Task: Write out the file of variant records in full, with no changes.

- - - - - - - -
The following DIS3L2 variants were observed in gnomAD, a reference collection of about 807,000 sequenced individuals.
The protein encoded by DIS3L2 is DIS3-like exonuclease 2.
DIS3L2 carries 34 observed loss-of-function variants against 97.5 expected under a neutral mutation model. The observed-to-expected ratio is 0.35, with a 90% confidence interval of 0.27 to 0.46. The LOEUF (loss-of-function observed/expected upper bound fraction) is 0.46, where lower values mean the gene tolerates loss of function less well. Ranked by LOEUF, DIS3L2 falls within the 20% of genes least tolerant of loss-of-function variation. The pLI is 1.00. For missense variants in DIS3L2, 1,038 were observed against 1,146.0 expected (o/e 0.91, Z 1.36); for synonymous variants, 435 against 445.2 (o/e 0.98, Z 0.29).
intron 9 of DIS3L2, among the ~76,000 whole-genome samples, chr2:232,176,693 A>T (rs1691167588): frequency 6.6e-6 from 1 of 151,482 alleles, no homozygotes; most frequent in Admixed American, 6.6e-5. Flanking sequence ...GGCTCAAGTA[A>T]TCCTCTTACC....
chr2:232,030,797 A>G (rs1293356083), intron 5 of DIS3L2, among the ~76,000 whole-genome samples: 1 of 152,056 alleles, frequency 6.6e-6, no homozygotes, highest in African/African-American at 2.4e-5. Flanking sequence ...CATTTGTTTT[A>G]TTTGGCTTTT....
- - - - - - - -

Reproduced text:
The following DIS3L2 variants were observed in gnomAD, a reference collection of about 807,000 sequenced individuals.
The protein encoded by DIS3L2 is DIS3-like exonuclease 2.
DIS3L2 carries 34 observed loss-of-function variants against 97.5 expected under a neutral mutation model. The observed-to-expected ratio is 0.35, with a 90% confidence interval of 0.27 to 0.46. The LOEUF (loss-of-function observed/expected upper bound fraction) is 0.46, where lower values mean the gene tolerates loss of function less well. Ranked by LOEUF, DIS3L2 falls within the 20% of genes least tolerant of loss-of-function variation. The pLI is 1.00. For missense variants in DIS3L2, 1,038 were observed against 1,146.0 expected (o/e 0.91, Z 1.36); for synonymous variants, 435 against 445.2 (o/e 0.98, Z 0.29).
intron 9 of DIS3L2, among the ~76,000 whole-genome samples, chr2:232,176,693 A>T (rs1691167588): frequency 6.6e-6 from 1 of 151,482 alleles, no homozygotes; most frequent in Admixed American, 6.6e-5. Flanking sequence ...GGCTCAAGTA[A>T]TCCTCTTACC....
chr2:232,030,797 A>G (rs1293356083), intron 5 of DIS3L2, among the ~76,000 whole-genome samples: 1 of 152,056 alleles, frequency 6.6e-6, no homozygotes, highest in African/African-American at 2.4e-5. Flanking sequence ...CATTTGTTTT[A>G]TTTGGCTTTT....